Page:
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Friday, April 29, 2005

Malaysia's biotech adventure

The Malaysian Prime Minister announced that Malaysia is planning a forray into biotechnology. At the first glance, this is a worthwhile undertaking. To go into biotech is an emerging industry and thus, a clear sign that the country bets on the future. This is different from IT and ICT, for example, sectors and facilities, that are taken for granted around the world. I.e.; if you invest in a country, you expect to have high-class ICT facilities (nevermind that there are hiccups in Malaysia as well).

Biotech is pretty localised. A country benefits from local sources, if it can capitalise on the higher value activities, and builds up a related industry that, however, need jumpstarting with great names in the industry. It basically is tough to develop the industry on your own.

This is actually the second trial of Malaysia - the first was in 2001 with the Bio Valley project venture when officials hoping to attract US$10 billion in foreign and local investment in the biotechnology industry in 10 years - clearly an adventure that was too ambitious at that time - by now, only 3 companies have signed up to establish plants.

There are some challenges ahead for Malaysia anyway:

  • The country needs to have regulating governmental bodies;
  • The country needs a workforce that can cope with the challenges imposed by biotech;
  • The country needs a lot of highly educated employees.

Major challenges come from competing, neighbouring countries are far ahead of Malaysia and could attract the big boys of the industry. We have India, that aims to become a biotech center already - and has a great advantage with its input of highly educated IT people and the sheer number of fresh graduates that come out from the universities each year. We have Singapore that develops its Biopolis and is already a strong player in the pharmaceutical industry. "Singapore, for example, set aside US$2 billion to offer as incentive to attract leading research corporations and to invest in local and foreign biotech start-ups. To bolster its universities' research capabilities, Singapore is also offering competitive salaries to attract professors from top-ranking US institutions - something Malaysia is finding difficult to do." Additionally, Australia, Japan, South Korea and China have all introduced new legislation and provided funding to jump start their life-science industry.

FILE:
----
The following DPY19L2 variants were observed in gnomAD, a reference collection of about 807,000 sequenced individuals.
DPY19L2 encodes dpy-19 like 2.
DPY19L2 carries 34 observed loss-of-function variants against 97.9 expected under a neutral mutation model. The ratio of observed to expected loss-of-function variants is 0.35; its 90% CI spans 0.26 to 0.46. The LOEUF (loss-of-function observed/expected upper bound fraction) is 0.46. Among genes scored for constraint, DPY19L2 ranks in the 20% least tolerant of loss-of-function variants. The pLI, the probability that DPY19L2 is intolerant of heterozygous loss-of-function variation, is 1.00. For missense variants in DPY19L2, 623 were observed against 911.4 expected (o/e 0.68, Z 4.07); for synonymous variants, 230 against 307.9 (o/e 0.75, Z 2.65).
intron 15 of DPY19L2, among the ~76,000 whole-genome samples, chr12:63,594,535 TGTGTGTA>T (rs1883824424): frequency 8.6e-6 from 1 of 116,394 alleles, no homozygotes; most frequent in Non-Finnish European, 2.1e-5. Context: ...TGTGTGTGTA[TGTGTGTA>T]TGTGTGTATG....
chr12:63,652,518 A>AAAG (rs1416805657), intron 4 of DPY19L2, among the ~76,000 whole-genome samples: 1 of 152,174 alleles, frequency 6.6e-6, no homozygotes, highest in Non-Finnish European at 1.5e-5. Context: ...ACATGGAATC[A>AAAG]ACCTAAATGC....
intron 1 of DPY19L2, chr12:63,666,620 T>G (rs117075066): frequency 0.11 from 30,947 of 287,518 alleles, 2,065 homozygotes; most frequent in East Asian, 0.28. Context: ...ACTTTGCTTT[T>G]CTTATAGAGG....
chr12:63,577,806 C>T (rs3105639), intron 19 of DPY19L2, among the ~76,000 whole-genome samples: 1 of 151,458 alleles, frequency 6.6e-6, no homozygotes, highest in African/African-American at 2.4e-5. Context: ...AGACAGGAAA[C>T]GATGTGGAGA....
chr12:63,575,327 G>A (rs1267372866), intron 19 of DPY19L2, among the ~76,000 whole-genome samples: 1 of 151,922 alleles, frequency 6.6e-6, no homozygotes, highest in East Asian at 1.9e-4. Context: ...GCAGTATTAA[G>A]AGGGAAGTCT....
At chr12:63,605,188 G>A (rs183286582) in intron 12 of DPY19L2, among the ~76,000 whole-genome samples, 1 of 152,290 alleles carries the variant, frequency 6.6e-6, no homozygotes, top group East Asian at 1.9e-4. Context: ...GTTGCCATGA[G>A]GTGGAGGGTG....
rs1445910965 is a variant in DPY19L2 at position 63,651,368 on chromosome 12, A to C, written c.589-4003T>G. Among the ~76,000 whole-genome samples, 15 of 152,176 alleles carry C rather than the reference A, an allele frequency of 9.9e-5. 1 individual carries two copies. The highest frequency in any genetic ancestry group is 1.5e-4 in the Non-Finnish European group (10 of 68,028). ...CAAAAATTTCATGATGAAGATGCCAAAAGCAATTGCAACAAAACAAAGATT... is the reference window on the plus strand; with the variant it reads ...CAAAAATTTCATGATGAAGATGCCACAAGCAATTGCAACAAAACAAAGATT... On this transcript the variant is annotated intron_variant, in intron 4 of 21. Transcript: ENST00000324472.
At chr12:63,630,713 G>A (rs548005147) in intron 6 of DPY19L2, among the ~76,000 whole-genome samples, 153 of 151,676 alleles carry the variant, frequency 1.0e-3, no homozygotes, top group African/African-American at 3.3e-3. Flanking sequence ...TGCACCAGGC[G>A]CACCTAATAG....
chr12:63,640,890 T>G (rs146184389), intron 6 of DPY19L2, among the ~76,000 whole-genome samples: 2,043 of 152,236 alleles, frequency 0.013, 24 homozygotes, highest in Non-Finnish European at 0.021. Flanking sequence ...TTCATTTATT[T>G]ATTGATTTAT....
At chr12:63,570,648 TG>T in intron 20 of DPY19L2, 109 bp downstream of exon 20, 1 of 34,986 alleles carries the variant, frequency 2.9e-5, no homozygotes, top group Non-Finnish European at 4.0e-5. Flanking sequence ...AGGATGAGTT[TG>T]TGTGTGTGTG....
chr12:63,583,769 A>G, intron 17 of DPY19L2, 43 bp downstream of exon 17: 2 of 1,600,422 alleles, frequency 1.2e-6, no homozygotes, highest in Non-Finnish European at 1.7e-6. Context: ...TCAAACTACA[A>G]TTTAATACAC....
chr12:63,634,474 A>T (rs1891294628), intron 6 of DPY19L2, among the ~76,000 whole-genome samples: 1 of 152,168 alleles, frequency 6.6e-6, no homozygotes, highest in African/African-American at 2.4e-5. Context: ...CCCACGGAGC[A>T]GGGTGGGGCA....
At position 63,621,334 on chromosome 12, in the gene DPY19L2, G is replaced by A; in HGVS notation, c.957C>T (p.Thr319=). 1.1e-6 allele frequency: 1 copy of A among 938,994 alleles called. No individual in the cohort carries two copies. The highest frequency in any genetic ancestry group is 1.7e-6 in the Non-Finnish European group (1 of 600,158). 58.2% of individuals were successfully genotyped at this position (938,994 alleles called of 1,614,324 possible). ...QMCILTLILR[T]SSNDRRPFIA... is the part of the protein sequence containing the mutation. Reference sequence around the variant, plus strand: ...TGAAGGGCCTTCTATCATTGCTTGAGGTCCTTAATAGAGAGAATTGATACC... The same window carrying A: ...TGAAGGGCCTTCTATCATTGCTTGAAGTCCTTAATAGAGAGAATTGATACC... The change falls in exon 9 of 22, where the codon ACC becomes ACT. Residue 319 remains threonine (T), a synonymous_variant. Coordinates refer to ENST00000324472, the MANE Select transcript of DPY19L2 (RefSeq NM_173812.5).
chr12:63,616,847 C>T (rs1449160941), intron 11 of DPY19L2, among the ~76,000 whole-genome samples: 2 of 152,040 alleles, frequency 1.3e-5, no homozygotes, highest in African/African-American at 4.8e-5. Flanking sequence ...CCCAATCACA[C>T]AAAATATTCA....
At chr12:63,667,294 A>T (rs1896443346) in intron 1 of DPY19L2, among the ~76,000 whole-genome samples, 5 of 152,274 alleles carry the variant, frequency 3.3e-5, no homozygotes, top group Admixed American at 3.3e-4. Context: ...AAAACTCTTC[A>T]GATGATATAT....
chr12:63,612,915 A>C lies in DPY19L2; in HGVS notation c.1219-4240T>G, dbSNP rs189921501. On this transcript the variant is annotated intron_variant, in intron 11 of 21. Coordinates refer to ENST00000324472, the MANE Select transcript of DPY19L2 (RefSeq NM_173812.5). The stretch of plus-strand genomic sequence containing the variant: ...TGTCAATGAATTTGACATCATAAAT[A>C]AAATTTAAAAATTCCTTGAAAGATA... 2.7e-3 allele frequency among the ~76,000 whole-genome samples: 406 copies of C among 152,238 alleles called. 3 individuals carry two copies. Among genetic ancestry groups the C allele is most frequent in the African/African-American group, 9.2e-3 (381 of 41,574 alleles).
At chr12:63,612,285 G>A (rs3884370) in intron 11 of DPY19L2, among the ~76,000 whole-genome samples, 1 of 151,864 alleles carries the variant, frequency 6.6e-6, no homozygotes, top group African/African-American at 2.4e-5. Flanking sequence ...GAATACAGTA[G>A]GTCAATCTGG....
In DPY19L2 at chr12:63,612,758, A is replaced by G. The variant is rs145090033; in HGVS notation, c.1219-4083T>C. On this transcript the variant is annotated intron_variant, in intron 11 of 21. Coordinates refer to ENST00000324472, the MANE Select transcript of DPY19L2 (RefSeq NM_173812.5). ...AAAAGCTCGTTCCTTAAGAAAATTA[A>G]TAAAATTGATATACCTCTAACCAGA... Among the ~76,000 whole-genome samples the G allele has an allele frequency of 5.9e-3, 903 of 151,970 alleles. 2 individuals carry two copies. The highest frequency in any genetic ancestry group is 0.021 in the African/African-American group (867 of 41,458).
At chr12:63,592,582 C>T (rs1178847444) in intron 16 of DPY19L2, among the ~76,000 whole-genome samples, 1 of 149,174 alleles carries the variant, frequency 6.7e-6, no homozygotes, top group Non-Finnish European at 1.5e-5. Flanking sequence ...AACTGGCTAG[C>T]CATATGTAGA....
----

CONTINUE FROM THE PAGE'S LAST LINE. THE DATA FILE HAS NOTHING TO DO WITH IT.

Another challenge is the time that it takes to develop a successful biotech product: "A study of 51 biotech centers in the US by the Brookings Institution revealed that it often takes a decade or more to develop biotechnology-based products, and perhaps only one in 1,000 patented biotech innovations produces a successful commercial product. The study also showed that most biotechnology firms are quite small and typically contract with global pharmaceutical firms to produce, market, and distribute successful products rather than attempting to create their own capacity to do so.

The losses, too, have been tremendous. According to accounting firm Ernst and Young, publicly traded biotechnology companies in the US lost US$41 billion from 1990 to 2003. As the saying goes, the road to hell is paved with good intentions gone astray, and Malaysia's national biotechnology policy might be another headstone in a graveyard of investors' dreams." Can Malaysia afford this?

Next - there is the conflict between the timber barons and the biotech industry. While Malaysia has a great diversity in its rainforests - one of the world's oldest - the timber industry is an industry that also has an interest in exploiting its commercial interest (so I don't necessarilty agree with them). The challenge here is that ones a promising plant for biotech has been found, it could have disappeared because of loging activities.

And lastly - the discussion about genetically modified food, one component in the global biotech discussion, is also ongoing.

A lot more could be said. I believe it is good that the government of Malaysia takes a forward looking approach. But challenges are ahead and let's see, if the country can grow along the challenges.

(By Asia Business Consulting)